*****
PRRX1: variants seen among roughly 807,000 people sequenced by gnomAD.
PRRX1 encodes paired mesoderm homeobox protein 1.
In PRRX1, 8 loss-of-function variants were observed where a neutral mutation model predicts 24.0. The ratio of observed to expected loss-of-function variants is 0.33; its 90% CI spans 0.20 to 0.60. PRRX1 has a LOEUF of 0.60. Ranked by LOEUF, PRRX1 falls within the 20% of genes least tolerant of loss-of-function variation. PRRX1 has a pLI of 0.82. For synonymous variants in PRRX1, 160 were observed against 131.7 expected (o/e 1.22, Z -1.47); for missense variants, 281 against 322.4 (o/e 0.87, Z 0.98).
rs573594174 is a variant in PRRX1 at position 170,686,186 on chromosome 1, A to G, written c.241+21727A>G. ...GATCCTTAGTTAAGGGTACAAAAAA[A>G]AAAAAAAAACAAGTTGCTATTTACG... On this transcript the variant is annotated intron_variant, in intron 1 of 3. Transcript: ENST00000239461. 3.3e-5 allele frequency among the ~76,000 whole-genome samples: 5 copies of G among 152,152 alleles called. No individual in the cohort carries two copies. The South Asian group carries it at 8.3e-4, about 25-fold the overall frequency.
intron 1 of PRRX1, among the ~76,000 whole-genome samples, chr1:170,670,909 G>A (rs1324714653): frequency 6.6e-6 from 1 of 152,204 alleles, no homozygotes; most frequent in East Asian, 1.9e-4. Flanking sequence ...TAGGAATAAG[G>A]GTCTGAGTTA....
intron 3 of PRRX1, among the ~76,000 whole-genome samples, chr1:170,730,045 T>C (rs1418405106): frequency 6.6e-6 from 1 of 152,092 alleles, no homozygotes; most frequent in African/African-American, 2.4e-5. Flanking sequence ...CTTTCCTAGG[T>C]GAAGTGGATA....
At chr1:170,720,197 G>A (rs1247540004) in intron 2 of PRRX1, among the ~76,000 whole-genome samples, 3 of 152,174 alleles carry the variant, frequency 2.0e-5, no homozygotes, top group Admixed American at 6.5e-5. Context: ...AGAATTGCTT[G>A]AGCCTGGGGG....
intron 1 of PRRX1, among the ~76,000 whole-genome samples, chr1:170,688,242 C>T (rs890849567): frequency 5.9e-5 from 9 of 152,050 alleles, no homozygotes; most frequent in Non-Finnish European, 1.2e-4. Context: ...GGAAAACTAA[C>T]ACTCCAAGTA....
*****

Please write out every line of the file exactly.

PRRX1: variants seen among roughly 807,000 people sequenced by gnomAD.
PRRX1 encodes paired mesoderm homeobox protein 1.
In PRRX1, 8 loss-of-function variants were observed where a neutral mutation model predicts 24.0. The ratio of observed to expected loss-of-function variants is 0.33; its 90% CI spans 0.20 to 0.60. PRRX1 has a LOEUF of 0.60. Ranked by LOEUF, PRRX1 falls within the 20% of genes least tolerant of loss-of-function variation. PRRX1 has a pLI of 0.82. For synonymous variants in PRRX1, 160 were observed against 131.7 expected (o/e 1.22, Z -1.47); for missense variants, 281 against 322.4 (o/e 0.87, Z 0.98).
rs573594174 is a variant in PRRX1 at position 170,686,186 on chromosome 1, A to G, written c.241+21727A>G. ...GATCCTTAGTTAAGGGTACAAAAAA[A>G]AAAAAAAAACAAGTTGCTATTTACG... On this transcript the variant is annotated intron_variant, in intron 1 of 3. Transcript: ENST00000239461. 3.3e-5 allele frequency among the ~76,000 whole-genome samples: 5 copies of G among 152,152 alleles called. No individual in the cohort carries two copies. The South Asian group carries it at 8.3e-4, about 25-fold the overall frequency.
intron 1 of PRRX1, among the ~76,000 whole-genome samples, chr1:170,670,909 G>A (rs1324714653): frequency 6.6e-6 from 1 of 152,204 alleles, no homozygotes; most frequent in East Asian, 1.9e-4. Flanking sequence ...TAGGAATAAG[G>A]GTCTGAGTTA....
intron 3 of PRRX1, among the ~76,000 whole-genome samples, chr1:170,730,045 T>C (rs1418405106): frequency 6.6e-6 from 1 of 152,092 alleles, no homozygotes; most frequent in African/African-American, 2.4e-5. Flanking sequence ...CTTTCCTAGG[T>C]GAAGTGGATA....
At chr1:170,720,197 G>A (rs1247540004) in intron 2 of PRRX1, among the ~76,000 whole-genome samples, 3 of 152,174 alleles carry the variant, frequency 2.0e-5, no homozygotes, top group Admixed American at 6.5e-5. Context: ...AGAATTGCTT[G>A]AGCCTGGGGG....
intron 1 of PRRX1, among the ~76,000 whole-genome samples, chr1:170,688,242 C>T (rs890849567): frequency 5.9e-5 from 9 of 152,050 alleles, no homozygotes; most frequent in Non-Finnish European, 1.2e-4. Context: ...GGAAAACTAA[C>T]ACTCCAAGTA....